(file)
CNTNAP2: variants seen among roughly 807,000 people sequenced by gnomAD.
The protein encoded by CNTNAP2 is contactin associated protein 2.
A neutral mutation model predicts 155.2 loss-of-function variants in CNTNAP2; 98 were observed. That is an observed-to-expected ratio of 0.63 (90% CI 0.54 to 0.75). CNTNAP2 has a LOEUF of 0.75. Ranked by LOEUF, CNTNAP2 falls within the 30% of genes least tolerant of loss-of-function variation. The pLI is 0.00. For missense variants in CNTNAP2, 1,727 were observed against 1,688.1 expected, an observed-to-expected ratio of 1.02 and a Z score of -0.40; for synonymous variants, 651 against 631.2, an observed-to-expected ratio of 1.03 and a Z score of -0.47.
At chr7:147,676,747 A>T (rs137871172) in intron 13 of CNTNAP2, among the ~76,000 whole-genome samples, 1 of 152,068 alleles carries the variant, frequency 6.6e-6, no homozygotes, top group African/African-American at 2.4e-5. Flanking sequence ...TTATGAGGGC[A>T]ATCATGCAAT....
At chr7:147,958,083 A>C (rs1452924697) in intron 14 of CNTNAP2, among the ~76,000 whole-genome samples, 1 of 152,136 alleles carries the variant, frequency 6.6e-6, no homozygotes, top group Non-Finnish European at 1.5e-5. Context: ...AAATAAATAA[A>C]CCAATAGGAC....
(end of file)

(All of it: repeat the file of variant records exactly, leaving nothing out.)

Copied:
CNTNAP2: variants seen among roughly 807,000 people sequenced by gnomAD.
The protein encoded by CNTNAP2 is contactin associated protein 2.
A neutral mutation model predicts 155.2 loss-of-function variants in CNTNAP2; 98 were observed. That is an observed-to-expected ratio of 0.63 (90% CI 0.54 to 0.75). CNTNAP2 has a LOEUF of 0.75. Ranked by LOEUF, CNTNAP2 falls within the 30% of genes least tolerant of loss-of-function variation. The pLI is 0.00. For missense variants in CNTNAP2, 1,727 were observed against 1,688.1 expected, an observed-to-expected ratio of 1.02 and a Z score of -0.40; for synonymous variants, 651 against 631.2, an observed-to-expected ratio of 1.03 and a Z score of -0.47.
At chr7:147,676,747 A>T (rs137871172) in intron 13 of CNTNAP2, among the ~76,000 whole-genome samples, 1 of 152,068 alleles carries the variant, frequency 6.6e-6, no homozygotes, top group African/African-American at 2.4e-5. Flanking sequence ...TTATGAGGGC[A>T]ATCATGCAAT....
At chr7:147,958,083 A>C (rs1452924697) in intron 14 of CNTNAP2, among the ~76,000 whole-genome samples, 1 of 152,136 alleles carries the variant, frequency 6.6e-6, no homozygotes, top group Non-Finnish European at 1.5e-5. Context: ...AAATAAATAA[A>C]CCAATAGGAC....